Who knows this might just sound like a bunch of hot air, but change is hard. I have seen in it small and large church settings and seen how much of an effect it can have on people and their relationships, but inevitably those who are being persecuted for changing things down the road persecute people for wanting change. I can only imagine that how hard this will be the entire western world change how they do church. History repeats itself, it WILL happen!

goboyle said...

I am enjoying the discussion. It wouldn't so hard hearing the critics concerns, if they were as honest about there own shortcomings. Dr. Grier shared a workshop this past week and i thought did a fair job of sharing his concerns about out the Emerging church, yet also brought out the shortcomings the church in the modern became characterized by as well.
I'm personally excited for what you guys are doing and believe you will have a real connection with people and be able to see many won to Christ. Thanks for the definition and conversation. As a fellow missionary I have much to learn about culture today!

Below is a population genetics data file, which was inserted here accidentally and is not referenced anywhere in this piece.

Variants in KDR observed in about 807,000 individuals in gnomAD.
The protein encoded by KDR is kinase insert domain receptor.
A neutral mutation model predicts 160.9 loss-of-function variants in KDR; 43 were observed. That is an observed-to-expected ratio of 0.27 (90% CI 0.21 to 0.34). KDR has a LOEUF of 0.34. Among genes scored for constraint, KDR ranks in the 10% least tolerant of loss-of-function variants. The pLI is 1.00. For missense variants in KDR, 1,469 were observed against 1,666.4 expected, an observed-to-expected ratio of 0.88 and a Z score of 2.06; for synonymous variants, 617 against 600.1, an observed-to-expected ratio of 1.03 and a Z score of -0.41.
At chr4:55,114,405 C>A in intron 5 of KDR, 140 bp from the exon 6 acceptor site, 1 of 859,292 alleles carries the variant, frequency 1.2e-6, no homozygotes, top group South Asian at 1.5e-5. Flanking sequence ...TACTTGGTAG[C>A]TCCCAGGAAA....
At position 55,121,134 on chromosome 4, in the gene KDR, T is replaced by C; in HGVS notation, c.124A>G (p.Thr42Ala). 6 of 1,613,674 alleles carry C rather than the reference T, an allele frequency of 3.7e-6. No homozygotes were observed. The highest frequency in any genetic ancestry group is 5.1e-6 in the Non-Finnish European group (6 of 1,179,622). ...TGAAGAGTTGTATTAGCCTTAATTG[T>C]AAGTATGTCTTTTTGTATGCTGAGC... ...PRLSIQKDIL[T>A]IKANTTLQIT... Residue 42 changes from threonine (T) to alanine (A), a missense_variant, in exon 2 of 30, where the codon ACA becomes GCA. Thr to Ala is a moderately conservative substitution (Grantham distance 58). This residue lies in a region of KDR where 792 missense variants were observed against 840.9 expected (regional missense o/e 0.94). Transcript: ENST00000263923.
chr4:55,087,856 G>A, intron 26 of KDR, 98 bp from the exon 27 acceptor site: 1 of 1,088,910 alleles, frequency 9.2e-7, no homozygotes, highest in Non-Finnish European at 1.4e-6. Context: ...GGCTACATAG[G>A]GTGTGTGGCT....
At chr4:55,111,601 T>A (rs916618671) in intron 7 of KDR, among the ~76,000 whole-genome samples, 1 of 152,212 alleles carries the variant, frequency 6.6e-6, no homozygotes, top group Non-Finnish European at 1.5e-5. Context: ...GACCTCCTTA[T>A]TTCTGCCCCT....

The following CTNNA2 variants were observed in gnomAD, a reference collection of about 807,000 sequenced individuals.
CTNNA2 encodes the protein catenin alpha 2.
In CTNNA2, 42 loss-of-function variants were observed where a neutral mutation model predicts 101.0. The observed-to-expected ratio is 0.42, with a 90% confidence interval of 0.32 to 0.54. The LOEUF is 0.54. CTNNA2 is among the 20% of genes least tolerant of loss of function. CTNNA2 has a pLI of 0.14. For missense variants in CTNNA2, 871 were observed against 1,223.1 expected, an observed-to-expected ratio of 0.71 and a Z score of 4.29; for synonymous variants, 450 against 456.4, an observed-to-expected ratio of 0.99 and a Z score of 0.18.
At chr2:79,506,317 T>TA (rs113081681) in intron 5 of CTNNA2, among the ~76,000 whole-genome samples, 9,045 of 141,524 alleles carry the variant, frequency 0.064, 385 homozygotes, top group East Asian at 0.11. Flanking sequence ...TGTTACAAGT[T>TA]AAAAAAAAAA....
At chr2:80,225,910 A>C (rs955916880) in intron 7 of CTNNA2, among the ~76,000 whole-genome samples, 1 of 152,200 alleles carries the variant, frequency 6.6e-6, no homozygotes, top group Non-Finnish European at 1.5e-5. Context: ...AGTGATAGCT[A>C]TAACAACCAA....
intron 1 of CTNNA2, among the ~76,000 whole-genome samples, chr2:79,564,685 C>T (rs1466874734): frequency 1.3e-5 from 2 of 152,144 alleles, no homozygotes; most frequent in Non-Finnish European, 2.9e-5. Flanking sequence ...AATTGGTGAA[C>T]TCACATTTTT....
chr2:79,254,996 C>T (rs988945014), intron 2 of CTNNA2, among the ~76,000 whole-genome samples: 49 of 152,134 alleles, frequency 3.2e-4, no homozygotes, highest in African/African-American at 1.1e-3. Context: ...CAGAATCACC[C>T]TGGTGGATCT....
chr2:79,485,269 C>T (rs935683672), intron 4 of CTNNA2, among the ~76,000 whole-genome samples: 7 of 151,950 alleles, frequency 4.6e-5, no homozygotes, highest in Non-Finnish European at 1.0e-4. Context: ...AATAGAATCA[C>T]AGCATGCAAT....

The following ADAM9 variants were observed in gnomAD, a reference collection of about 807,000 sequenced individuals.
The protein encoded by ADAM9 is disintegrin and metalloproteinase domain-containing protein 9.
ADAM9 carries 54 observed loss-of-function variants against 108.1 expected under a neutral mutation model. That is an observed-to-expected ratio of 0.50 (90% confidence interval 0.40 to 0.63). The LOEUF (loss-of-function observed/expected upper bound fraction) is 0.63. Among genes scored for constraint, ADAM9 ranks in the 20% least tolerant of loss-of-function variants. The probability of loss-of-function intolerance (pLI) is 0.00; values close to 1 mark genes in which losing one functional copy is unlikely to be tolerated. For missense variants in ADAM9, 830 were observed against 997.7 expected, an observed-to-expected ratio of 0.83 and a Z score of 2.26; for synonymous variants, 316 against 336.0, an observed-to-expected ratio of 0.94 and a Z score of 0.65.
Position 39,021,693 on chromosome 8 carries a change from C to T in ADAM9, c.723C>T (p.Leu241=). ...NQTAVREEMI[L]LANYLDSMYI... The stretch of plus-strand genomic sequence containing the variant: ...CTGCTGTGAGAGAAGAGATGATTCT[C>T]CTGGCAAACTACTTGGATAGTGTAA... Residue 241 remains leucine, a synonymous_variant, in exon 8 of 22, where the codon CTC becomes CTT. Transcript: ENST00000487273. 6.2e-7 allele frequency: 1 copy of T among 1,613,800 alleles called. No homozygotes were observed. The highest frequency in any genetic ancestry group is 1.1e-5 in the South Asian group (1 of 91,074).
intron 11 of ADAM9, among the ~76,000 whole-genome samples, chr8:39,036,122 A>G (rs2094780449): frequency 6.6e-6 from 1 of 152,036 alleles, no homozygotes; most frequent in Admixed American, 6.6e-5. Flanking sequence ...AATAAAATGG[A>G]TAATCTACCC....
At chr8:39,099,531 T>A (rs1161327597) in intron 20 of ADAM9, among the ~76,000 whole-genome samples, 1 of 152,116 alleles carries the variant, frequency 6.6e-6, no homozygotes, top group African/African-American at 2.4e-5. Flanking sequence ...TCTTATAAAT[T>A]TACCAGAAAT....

Robb said...

Some comments to all of you -

A - you are completely right, as usual. Thanks for reminding me to be irenic and gracious. It is not easy when you are attacked by the Lestors of the church and when people you considered friends won't email you because of your decision to do this. You have been through similar stuff, so thanks for reminding me to be as gracious as I can. Your comments brought to mind a parent teacher conference I had yesterday. As in all of them, the question of what I am doing in NWA came up, and since the guy was wearing a Dayspring shirt, I decided to try the terminology on him. "Emerging" brought a blank stare. So I said, "We are trying to launch a church for people who've grown disenfranchised with the modern church and want something that is relevent for the way they think and for their culture." His face lit up (he has an eighth grade daughter), and he said "That's awesome!"